Creating your own namespaces

Every assembly created in .NET is part of some root namespace. By default, this logic actually mirrors COM, in that assemblies are assigned a namespace that matches the project name. However, unlike COM, in .NET it is possible to change this default behavior. Just as Microsoft has packaged the system-level and CLR classes using well-defined names, you can create your own namespaces. Of course, it is also possible to create projects that match existing namespaces and extend those namespaces, but that is very poor programming practice.

Creating an assembly by default creates a custom namespace. Namespaces can be created at one of two levels in Visual Basic. Similar to C# it is possible to explicitly assign a namespace within a source file using the Namespace keyword. However, Visual Basic provides a second way of defining your custom namespace. By default one of your project properties is the root namespace for your application in Visual Basic. This root namespace will be applied to all classes which don't explicitly define a namespace. You can review your projects default namespace by accessing the project properties. This is done through the assembly's project pages, reached by right-clicking the solution name in the Solution Explorer window and working off the first tab (Application) within the Properties page that opens in the document window, as shown in Figure 4-13.

Creating Your own Namespaces | 241

FIGURE 4-13

The next step is optional, but, depending on whether you want to create a class at the top level or at a child level, you can add a Namespace command to your code. There is a trick to being able to create top-level namespaces or multiple namespaces within the modules that make up an assembly. Instead of replacing the default namespace with another name, you can delete the default namespace and define the namespaces only in the modules, using the Namespace command.

The Namespace command is accompanied by an End Namespace command. This End Namespace command must be placed after the End Class tag for any classes that will be part of the namespace. The following code demonstrates the structure used to create a MyMetaNamespace namespace, which contains a single class:

Namespace MyMetaNamespace Class MyClassl

' Code End Class End Namespace

You can then utilize the MyClassl object simply by referencing its namespace, MyMetaNamespace.MyClassl. It is also possible to have multiple namespaces in a single file, as shown here:

Namespace MyMetaNamespacel Class MyClassl

' Code End Class End Namespace Namespace MyMetaNamespace2 Class MyClass2 ' Code End Class End Namespace

Using this kind of structure, if you want to utilize MyClassl, then you access it through the namespace MyMetaNamespace.MyClassl. This does not give you access to MyMetaNamespace2 and the objects that it offers; instead, you have to make a separate reference to MyMetaNamespace2.MyClass2.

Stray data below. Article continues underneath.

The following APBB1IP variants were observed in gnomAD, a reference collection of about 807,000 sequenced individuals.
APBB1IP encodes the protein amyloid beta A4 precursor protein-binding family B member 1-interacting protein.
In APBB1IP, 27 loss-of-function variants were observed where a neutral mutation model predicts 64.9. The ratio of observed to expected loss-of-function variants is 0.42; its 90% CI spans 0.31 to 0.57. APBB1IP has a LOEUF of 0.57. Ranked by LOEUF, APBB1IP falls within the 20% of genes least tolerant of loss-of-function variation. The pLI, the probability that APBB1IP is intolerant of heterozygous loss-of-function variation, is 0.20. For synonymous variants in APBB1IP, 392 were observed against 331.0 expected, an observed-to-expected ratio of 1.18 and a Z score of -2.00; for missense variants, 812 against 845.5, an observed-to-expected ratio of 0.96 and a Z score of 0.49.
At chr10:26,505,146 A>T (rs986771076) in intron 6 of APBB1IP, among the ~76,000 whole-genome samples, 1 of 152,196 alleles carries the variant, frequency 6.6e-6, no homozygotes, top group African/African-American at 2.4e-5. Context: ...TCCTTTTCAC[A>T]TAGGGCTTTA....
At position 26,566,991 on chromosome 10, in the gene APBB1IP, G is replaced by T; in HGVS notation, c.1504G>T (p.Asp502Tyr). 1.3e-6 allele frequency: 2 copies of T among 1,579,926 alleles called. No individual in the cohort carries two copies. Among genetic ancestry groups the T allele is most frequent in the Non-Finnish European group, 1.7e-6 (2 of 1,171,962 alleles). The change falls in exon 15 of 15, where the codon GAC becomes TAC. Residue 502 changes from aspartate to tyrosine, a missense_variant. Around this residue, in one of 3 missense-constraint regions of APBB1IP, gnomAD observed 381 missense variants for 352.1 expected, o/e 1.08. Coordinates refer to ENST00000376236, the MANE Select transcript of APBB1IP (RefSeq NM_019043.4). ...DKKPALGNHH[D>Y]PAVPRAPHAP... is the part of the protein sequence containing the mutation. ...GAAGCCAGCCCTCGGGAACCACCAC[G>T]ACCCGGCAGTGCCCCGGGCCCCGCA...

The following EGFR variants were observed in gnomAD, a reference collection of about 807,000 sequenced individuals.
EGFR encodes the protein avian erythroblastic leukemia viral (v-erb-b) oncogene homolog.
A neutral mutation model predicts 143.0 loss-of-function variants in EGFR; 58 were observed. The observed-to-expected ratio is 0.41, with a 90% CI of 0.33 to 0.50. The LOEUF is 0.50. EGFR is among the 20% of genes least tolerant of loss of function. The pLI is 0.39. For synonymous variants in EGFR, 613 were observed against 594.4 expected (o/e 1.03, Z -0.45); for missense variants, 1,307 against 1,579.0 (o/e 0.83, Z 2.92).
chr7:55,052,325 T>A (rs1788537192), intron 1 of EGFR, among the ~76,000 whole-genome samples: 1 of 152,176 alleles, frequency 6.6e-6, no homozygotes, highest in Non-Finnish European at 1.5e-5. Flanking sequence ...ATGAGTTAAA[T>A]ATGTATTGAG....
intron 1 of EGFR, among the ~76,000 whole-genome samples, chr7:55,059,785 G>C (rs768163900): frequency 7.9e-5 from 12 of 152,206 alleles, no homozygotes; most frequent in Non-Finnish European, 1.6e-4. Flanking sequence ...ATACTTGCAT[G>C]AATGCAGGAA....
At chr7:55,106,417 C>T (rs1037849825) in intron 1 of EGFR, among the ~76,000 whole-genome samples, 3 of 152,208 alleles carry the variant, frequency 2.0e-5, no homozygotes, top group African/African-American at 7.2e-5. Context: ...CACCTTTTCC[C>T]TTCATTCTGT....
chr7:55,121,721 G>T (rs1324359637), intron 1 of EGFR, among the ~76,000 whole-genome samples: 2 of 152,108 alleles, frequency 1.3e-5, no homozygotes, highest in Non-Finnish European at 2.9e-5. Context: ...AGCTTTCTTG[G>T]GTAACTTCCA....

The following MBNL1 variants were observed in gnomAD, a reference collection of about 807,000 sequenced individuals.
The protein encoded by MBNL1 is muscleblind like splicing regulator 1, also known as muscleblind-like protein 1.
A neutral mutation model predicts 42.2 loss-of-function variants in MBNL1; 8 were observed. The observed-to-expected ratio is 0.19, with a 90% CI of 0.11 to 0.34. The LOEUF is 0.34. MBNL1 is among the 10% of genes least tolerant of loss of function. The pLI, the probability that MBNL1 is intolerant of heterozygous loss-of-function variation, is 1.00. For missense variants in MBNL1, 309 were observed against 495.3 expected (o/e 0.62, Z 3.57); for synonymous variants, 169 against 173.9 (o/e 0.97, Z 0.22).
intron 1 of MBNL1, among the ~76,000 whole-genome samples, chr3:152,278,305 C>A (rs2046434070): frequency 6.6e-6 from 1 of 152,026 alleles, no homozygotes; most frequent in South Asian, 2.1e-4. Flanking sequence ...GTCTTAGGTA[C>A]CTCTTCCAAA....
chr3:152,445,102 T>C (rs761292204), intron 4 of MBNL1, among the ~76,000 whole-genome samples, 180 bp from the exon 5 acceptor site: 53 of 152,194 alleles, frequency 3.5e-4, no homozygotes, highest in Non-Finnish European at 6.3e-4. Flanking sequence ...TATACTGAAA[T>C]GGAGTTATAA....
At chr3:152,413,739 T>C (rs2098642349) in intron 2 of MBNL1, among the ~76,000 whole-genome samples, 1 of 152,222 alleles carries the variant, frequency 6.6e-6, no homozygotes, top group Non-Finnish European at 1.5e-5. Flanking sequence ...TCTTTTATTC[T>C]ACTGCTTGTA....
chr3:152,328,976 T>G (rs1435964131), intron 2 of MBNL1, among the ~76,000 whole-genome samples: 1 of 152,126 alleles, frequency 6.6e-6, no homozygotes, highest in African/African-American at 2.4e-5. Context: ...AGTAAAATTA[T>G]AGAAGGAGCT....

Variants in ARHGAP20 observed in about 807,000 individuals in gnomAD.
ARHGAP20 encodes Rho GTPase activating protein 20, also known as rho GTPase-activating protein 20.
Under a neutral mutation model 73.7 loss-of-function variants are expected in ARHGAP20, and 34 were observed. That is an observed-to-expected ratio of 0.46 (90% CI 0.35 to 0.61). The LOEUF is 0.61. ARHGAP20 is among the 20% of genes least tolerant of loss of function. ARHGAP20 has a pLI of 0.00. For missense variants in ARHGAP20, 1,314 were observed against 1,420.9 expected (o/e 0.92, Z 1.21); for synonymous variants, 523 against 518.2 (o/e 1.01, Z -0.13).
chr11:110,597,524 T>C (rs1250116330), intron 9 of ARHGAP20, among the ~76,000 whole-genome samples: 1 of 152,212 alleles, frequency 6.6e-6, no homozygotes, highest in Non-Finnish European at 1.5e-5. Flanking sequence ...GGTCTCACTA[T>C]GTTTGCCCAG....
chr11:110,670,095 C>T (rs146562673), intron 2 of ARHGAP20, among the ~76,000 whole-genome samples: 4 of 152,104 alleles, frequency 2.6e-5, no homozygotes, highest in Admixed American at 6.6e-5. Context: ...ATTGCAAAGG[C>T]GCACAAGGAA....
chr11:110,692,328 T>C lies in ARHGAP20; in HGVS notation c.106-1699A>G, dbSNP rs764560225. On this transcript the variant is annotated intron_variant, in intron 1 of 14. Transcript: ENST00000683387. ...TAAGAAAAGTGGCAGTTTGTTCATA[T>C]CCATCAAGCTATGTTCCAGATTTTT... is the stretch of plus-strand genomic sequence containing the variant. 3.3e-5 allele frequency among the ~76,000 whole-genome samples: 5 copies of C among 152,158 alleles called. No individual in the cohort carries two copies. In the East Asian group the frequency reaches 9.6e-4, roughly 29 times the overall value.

The Namespace command can also be nested. Using nested Namespace commands is how child namespaces are defined. The same rules apply — each Namespace must be paired with an End Namespace and must fully encompass all of the classes that are part of that namespace. In the following example, the MyMetaNamespace has a child namespace called MyMetaNamespace.MyChildNamespace:

Namespace MyMetaNamespace Class MyClassl

' Code End Class

Namespace MyChildNamespace Class MyClass2

' Code End Class End Namespace End Namespace

This is another point to be aware of when you make references to other namespaces within your own custom namespaces. Consider the following example:

Imports System Imports System.Data Imports System.Data.SqlClient Imports System.IO Namespace MyMetaNamespacel Class MyClassl

' Code End Class End Namespace

Namespace MyMetaNamespace2 Class MyClass2

' Code End Class End Namespace

In this example, a number of different namespaces are referenced in the file. The four namespaces referenced at the top of the code listing — the System, System.Data, and System.Data.SqlClient namespace references — are available to every namespace developed in the file. This is because these three references are sitting outside of any particular namespace declarations. However, the same is not true for the System. io namespace reference. Because this reference is made within the MyMetaNamespace2 namespace, it is unavailable to any other namespace in the file.

When you create your own namespaces, Microsoft recommends that you use a convention of CompanyName.TechnologyName — for example, Wrox.Books. This helps to ensure that all libraries are organized in a consistent way.

Sometimes when you are working with custom namespaces, you might find that you have locked yourself out of accessing a particular branch of a namespace, purely due to naming conflicts. Visual Basic includes the Global keyword, which can be used as the outermost root class available in the .NET Framework class library. Figure 4-14 shows a diagram of how the class structure looks with the Global keyword.

This means that you can make specifications such as

Global.System.String or

Global.Wrox.System.Titles

0 0

Post a comment